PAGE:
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Would this make my autobiography? A lesson in perspective and pomegranate by Scholar Frith Hookway

Yesterday, at the close of my first Marketing Academy boot camp, I listened to James Brett tell his life story. I feel a bit sorry for whoever the next person is to tell me their life story because they have quite an act to follow.

James is the founder of an organisation called Plant for Peace. This is an initiative designed to assist farmers in conflict and post conflict regions around the world to achieve food security and sustainable economic development. One of the key produce categories he focused on was the agricultural investment in Pomegranate in Afghanistan.

Before yesterday I knew nothing about what Afghanistan grows as primary produce, but apparently Poppies (harvested for their Opium) take the top spot. As with anything that is linked to the drug trade, there is fluctuating security and a lot of corruption. Therefore, organisations like Plant for Peace operate on both an economic and ethical level.

In short, James is doing some pretty impressive stuff.

However, the work he is doing now wasn’t the main thing I took away from his talk. And despite his personal narrative including being abused as a child, losing his mother, having friends die from drug overdoses, turning to crime and spending time in prison, his life story wasn’t what I took away either.

Instead, what I learned, or perhaps was just reminded of, was understanding what is truly important.

Here’s how it happened.

James was talking about some of his first encounters with Pomegranate. This was way back before the Plant for Peace initiative had started. He recalled being at a market stall and being given a glass of the juiced up fruit. Upon tasting he thought ‘this would make a great drink’.

Fast-forward a bit and his juice idea had resulted in the UK’s first commercially produced Pomegranate drink called ‘Pomegreat’.

Not long after the launch of this product, James went through a bit of a dark period where he had to focus on himself, meaning his involvement with Pomegreat took a backseat. I’m paraphrasing from memory, but what he went onto say was something along the lines of:

When I was ready to come back to Pomegreat I found had been cornered out by my previous business partner. I basically had to walk away from what went on to become a multi million dollar business.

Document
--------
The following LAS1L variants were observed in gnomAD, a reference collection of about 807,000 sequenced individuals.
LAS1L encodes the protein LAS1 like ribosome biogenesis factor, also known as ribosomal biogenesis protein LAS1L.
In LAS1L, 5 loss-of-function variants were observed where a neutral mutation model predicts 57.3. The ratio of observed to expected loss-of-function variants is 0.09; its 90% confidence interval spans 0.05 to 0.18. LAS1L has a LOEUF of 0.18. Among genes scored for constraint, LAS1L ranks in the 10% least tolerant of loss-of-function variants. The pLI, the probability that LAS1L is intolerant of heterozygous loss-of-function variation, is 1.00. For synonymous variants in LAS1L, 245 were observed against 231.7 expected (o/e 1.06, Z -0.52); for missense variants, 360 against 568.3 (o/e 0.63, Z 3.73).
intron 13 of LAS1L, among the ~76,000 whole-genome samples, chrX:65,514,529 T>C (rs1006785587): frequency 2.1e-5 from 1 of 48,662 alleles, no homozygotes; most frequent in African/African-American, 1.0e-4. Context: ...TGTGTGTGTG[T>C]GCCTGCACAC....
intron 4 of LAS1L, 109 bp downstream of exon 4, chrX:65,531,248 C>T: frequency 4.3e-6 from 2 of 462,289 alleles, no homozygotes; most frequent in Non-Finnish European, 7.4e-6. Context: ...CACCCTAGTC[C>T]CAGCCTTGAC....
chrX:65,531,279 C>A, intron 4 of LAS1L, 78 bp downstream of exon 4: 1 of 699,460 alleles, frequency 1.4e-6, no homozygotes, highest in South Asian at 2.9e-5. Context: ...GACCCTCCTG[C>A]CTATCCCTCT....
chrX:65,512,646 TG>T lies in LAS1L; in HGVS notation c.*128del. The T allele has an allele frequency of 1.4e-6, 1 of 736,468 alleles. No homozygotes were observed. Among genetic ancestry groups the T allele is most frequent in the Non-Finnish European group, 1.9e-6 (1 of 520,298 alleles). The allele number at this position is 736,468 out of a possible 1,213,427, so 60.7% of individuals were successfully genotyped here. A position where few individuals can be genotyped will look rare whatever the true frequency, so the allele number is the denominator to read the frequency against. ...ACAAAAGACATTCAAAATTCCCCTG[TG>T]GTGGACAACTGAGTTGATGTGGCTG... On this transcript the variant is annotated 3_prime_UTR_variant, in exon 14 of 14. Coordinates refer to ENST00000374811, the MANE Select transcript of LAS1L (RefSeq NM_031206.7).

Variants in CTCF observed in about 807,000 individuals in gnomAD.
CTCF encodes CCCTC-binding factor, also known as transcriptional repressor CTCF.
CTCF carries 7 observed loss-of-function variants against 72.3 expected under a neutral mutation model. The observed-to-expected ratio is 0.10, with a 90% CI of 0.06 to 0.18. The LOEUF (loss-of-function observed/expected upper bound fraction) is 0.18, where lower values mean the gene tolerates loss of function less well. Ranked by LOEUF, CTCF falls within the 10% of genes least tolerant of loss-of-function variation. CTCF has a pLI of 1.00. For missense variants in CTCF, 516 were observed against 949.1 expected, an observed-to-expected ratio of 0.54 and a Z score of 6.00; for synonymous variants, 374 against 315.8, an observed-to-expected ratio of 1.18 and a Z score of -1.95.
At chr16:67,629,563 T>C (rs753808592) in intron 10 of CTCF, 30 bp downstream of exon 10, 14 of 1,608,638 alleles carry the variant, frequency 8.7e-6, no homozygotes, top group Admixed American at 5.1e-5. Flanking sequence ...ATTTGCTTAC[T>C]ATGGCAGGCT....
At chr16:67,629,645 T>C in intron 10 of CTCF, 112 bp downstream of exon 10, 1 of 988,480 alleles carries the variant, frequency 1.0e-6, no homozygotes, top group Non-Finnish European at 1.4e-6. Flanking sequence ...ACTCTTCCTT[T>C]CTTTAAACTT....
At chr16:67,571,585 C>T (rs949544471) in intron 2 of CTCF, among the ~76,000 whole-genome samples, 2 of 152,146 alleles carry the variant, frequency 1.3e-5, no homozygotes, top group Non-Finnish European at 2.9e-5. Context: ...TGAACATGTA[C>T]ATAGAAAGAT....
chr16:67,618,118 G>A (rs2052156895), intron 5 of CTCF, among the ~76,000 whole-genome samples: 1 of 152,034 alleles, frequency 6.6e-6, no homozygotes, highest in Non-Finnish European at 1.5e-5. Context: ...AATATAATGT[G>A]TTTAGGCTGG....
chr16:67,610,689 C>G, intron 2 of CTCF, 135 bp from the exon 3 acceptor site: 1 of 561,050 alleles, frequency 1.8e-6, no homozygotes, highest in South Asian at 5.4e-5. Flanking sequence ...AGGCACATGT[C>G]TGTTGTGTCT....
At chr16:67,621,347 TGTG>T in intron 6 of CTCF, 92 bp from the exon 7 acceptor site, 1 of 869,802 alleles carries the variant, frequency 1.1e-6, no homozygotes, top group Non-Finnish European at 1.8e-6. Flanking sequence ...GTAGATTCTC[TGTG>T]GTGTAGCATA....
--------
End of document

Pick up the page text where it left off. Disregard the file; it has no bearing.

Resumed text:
In the split second after he said this my mind had already begun to anticipate what would come next. Stories of the law suits, the stress of trying to regain his shares and claim to IP, the financial struggle, the paperwork, and so on.

But there was none of this. In fact, he barely paused. It was almost like the mention of this business deal gone wrong was nothing more than a convenient segue into what he went onto do next.

When he’d finished his talk, I remember zoning back to this part of his presentation and thinking ‘I can’t believe he didn’t spend more time on how he lost the business’. In my mind, having this happen would’ve been such a blow that I couldn’t imagine it ever being something I’d be able to brisk over.

However, the more I thought about it the more I realised that this event wasn’t the point of his story. Sure, it may have been a big deal at the time, but in context to everything that came before and after it, it didn’t bear enough weight warrant the spotlight.

In the scheme of things, it simply wasn’t the point.

I thought back to some of the other speakers we’d seen over the past three days and realised there was a slight commonality here. All of them had low points, all of them had made mistakes. As Gail Galley eloquently put she’s ‘committed career suicide too many times to count’. But, at the end of the day, all of these low moments became mere blips. They weren’t the point.

Often it’s impossible to see beyond the moment. For me, I care very much about the work I do and consider every decision to be of grave importance. In fact, the day before I left to go on boot camp I realised I’d made a huge oversight with some costs that were being signed off at work. I was in a real panic. I knew it would be impossible for me to rectify the situation without being at the office and had every single scenario play out in my mind, including the inevitably paranoid dismissal.

And what actually happened? Someone from procurement picked it up in my absence and managed to fix my faux pas. To say I was relieved when I got the ‘all is ok’ email on Thursday morning is an understatement. I think I had a tear.

Having gone through this contract hiccup, only to hear James’ story a day later, I had to appreciate the irony. I mean, talk about sweating the small stuff.

While I don’t think I’ll ever make the same mistake when it comes to costs and paperwork again, it’s safe to say if I’m retelling my life story years from now this little event wouldn’t even come close to featuring.

What I’m saying isn’t a pass to dismiss the significance of events or experiences when they’re happening. But perspective as to their overall impact is a big factor to consider. It helps us stay grounded, humble and in control.

Highs and lows are inevitable. We will always make mistakes. No matter what, extracting ourselves from the moment is a tough thing to do. But after hearing James’ talk yesterday I can’t emphasise how important it is.

Steal a moment to take stock. Look at the emotional value being invested into testing events and put things through the lens of ‘would this make my autobiography?’ Sometimes it might, but I’d guess a lot of the time the answer will be no. Either way, it will give a bit more clarity on how much hair is worth losing over something, and more importantly how best to proceed.

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